Self-priming pumps offer industrial users many advantages
Despite the fact that self-priming, centrifugal pumps offer significant advantages in initial cost, maintenance and operation, few of the pumps are used in industrial plants. This is most likely due to a lack of understanding of the pumps’ operation and design principles.
What is a self-priming pump?
A self priming pump is a pump that will free itself of air when it becomes air-bound, and will resume pumping without attention. The key point here is air – though this applies to any vapor.
How self-priming pumps work
Certainly self-priming pumps are worth considering when you realize the high number of air-entrained liquids in a paper mill or the volatile liquids used in chemical processes. Self-priming pumps work to transfer vapor from the suction side of the impeller to the discharge. When this is done continuously, a vacuum is created in the suction line and atmospheric pressure on the surface of the liquid supply pushes the liquid into the pump. Two schemes are typically used by pump designers to achieve this vapor transfer: recirculation priming and diffuser priming.
This method uses a check valve between the suction passageway and a liquid reservoir on the pump discharge. When air is in the suction passageway, the check valve opens and liquid from the reservoir recirculates back through the impeller, taking a few air bubbles along on each trip. This soon exhausts the air in the suction line, which fills with liquid and closes the check valve.
Diffuser priming was developed to avoid the check valve and some other problems of recirculation priming. These types of self-priming pumps are considered more efficient and are the most widely used today. In this method the liquid from the reservoir does not return to the suction, but combines with air at the circumference of the impeller. The air is transferred -- but unlike recirculation priming, diffuser priming uses diffuser vanes and a reservoir, which constantly keeps the entire circumference of the impeller submerged.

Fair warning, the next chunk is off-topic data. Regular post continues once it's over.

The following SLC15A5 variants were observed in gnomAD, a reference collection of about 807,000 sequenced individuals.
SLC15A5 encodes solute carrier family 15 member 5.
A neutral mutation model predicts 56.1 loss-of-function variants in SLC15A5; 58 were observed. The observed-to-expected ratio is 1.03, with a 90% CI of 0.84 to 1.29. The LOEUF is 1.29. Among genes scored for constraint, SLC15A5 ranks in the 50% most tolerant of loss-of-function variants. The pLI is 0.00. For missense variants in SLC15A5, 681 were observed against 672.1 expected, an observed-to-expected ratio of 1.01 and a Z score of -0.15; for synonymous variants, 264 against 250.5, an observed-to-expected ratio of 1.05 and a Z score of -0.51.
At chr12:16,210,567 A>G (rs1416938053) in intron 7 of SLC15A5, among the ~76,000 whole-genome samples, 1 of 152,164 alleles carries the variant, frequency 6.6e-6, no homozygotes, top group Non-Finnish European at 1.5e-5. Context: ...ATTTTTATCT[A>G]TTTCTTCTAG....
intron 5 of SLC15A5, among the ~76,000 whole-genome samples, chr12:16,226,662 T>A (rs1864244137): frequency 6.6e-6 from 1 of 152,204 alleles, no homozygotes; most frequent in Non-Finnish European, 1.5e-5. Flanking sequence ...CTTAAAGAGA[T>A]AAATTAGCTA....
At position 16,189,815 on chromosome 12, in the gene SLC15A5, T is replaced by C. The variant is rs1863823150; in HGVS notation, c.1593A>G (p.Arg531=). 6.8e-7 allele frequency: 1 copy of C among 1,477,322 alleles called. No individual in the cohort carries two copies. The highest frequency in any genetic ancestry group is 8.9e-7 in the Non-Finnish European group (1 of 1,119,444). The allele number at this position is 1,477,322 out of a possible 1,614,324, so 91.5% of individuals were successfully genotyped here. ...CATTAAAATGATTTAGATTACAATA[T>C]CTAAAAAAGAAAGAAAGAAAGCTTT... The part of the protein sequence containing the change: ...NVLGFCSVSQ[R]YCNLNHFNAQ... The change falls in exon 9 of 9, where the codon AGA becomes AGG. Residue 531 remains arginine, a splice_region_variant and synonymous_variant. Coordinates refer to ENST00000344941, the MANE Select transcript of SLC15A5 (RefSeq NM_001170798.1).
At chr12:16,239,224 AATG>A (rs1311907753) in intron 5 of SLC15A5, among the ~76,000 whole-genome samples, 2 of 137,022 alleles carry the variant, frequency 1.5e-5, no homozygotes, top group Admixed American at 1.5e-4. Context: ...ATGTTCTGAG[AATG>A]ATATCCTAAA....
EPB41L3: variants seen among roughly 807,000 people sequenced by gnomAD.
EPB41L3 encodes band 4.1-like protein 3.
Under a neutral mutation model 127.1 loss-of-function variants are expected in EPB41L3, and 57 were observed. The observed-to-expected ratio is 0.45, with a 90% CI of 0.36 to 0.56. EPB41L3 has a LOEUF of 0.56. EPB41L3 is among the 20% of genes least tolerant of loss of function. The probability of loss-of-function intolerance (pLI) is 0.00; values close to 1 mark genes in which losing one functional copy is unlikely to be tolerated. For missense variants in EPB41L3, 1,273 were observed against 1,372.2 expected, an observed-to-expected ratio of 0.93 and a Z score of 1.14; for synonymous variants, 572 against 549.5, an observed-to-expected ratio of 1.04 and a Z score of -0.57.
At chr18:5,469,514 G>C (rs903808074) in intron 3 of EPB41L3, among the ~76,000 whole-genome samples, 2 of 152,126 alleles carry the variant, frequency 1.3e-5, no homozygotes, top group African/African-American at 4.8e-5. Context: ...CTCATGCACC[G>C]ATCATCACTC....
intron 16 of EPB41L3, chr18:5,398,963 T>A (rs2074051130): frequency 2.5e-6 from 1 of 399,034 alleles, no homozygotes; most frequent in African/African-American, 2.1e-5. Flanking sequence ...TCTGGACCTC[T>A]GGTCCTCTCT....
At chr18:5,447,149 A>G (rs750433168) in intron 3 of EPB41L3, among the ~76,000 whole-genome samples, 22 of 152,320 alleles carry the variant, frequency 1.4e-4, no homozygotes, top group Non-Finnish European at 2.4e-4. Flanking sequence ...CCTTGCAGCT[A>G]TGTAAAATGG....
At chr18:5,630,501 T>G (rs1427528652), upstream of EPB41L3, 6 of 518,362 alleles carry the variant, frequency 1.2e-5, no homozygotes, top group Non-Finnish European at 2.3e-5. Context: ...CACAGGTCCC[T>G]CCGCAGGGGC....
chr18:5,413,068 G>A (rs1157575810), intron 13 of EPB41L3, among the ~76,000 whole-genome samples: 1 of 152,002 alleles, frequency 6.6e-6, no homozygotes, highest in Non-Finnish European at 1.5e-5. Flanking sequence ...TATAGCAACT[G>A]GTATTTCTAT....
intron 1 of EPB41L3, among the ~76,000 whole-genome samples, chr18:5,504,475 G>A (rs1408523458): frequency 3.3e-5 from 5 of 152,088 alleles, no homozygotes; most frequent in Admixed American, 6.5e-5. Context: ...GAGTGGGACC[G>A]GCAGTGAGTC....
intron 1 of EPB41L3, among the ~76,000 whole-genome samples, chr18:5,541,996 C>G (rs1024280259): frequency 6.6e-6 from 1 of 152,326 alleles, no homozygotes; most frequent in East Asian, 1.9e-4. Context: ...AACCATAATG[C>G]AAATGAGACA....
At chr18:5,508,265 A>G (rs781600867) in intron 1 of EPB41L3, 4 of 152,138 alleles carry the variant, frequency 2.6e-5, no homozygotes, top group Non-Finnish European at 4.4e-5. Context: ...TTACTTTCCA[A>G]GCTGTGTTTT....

Liquid ring pumps
When it comes to priming ability, this design is the best. As of now, one American manufacturer and several European manufacturers are producing liquid ring pumps. They are the only ones capable of regularly self-priming on foam. The principle is similar to a Nash Hytor Vacuum pump.
Self-priming pump tips
- Self-priming pumps require an initial fill of liquid – they need something to recirculate.
- Prevent excessive back pressure on the discharge of the pump. Typically more than 10 or 15 pounds of discharge back pressure gives the air from the suction no place to go. You can eliminate this problem by placing an air release valve in your discharge line between the pump and the check valve. This lets the air escape.
- Buy self-priming pumps with a mechanical shaft seal. Air leaking in through the stuffing box makes the priming difficult. Most self-priming pump manufacturers offer a grease lubricated, double type mechanical seal made specifically for contractor use -- If a road contractor can’t ruin them, they must be good!
- Many self-priming pumps have a check valve just inside the suction flange. Its main purpose is to prevent a back siphon effect from emptying all of the liquid out of the pump when it’s shut down.
- There’s a limit to how far you can lift a liquid, even with a perfect vacuum. Consult the pump’s NPSH curve when you put the pump on a suction lift.
- Air leaks in the suction line will reduce or eliminate the pumps self-priming capability. In addition, the more air in the suction line, the slower the pump primes. Know that a non-reinforced suction line will collapse.